M. A. R. Barker

The Man of Gold

Chapter One

For upwards of half an hour now they had watched the runner on the road below the single watchtower of the monastery. Nothing at first but a tiny fleck of azure on the heat-shimmering horizon, he became a species of insect, all coppery brown legs beneath a carapace of brilliant blue, then a tiny mannikin moving with jerky puppet strides along the dusty, empty roadway. The younger of the two watchers on the parapet made the Pe Choi gesture-language symbol for “half” to his comrade.

The other man shook his shaven head and applied a box-like device to his eye. “Not so, Harsan, not this time. I make no more wagers. I still think he will take another Kiren to reach our gates, but I’ll not bet upon it. You have impoverished me already.”

The younger man hitched up his grey priestly kilt and carefully clambered back down from the dizzy height of the embrasured wall. “Let me look again through your invention, Zaren. I cannot imagine what an Imperial messenger desires here.”

The older priest handed over his device, a square box in which several small mirrors and lenses had been inserted and held in place with bits of wax, wood, and fibre. Harsan held it to his eye, squinted, and fiddled with the adjustment.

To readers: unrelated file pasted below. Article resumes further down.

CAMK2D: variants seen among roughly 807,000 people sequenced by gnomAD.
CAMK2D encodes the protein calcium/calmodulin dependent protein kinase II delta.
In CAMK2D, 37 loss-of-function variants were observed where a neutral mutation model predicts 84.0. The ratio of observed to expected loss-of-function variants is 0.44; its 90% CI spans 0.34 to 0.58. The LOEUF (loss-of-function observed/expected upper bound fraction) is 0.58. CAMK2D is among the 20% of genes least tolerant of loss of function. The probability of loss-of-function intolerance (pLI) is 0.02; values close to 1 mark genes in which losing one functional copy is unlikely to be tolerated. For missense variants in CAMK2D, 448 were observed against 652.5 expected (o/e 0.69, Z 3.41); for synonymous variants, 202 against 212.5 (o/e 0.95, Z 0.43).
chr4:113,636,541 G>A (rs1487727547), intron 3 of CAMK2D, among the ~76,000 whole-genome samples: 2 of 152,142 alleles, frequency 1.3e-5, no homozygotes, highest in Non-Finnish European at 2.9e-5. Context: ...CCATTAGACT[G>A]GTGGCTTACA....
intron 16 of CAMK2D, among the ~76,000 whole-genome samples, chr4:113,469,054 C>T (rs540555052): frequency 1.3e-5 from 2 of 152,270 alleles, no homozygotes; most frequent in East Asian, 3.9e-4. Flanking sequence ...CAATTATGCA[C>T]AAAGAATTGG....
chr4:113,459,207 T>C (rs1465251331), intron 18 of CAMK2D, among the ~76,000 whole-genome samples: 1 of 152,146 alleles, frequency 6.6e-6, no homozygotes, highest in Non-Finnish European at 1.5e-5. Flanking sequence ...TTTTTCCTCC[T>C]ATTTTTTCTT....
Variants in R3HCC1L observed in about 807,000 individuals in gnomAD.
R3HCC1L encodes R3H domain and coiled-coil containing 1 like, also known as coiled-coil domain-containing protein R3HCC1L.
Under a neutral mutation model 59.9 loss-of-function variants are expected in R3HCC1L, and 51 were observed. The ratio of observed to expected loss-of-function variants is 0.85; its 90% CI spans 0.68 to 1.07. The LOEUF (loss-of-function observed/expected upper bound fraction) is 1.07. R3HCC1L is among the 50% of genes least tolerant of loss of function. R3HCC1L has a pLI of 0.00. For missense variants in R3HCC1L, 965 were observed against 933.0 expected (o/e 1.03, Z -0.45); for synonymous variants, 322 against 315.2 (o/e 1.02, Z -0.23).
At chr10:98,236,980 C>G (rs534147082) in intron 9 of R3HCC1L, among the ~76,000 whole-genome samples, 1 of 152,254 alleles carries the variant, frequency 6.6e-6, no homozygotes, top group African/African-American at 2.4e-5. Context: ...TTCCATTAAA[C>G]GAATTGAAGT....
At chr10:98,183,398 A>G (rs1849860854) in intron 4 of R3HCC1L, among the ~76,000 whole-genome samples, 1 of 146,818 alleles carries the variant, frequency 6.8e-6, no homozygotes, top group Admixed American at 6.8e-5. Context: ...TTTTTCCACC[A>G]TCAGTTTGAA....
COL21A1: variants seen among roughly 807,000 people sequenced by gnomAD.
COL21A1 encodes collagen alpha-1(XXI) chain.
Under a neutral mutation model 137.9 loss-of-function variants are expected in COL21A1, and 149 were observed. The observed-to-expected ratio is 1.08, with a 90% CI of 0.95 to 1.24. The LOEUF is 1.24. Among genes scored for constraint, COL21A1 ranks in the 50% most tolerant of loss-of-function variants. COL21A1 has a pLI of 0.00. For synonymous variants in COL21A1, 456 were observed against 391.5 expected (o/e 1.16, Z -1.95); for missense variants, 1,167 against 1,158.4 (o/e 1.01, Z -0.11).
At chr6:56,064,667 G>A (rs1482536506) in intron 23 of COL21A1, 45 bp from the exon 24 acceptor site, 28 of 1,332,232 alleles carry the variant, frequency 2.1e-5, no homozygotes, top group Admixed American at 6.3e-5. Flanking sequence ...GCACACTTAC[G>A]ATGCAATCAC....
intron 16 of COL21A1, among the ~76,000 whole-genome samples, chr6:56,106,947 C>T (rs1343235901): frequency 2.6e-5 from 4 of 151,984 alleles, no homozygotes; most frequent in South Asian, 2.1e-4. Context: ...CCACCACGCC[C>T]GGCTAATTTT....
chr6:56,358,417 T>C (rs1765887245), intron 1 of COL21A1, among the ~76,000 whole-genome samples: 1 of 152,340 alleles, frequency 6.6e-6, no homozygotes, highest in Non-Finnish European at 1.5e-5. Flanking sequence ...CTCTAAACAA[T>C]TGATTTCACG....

“By our Lord Thumis, Patron of Savants, this fellow springs up at me like a beast from its lair! Without your box all I can see is a pen-flick of blue and a splotch of skin. With it, I can even make out the golden cord that binds his headdress! You must submit this to the Adepts as one of your Labours of Reverence, Zaren. Surely you will make Fifth Circle-or even Sixth.”

Zaren smiled lopsidedly. “Not so. The principles underlying my box are all laid down in the ‘Book of the Visitations of Glory,’ written some four thousand years ago. All I did was to take them, cook them together, and putter until I got to a logical result. I am nothing but a tinkerer, Harsan. My skull is a pot in which other men’s ideas may be boiled. Our Lord Prior will pat me on the head, but that will be all.”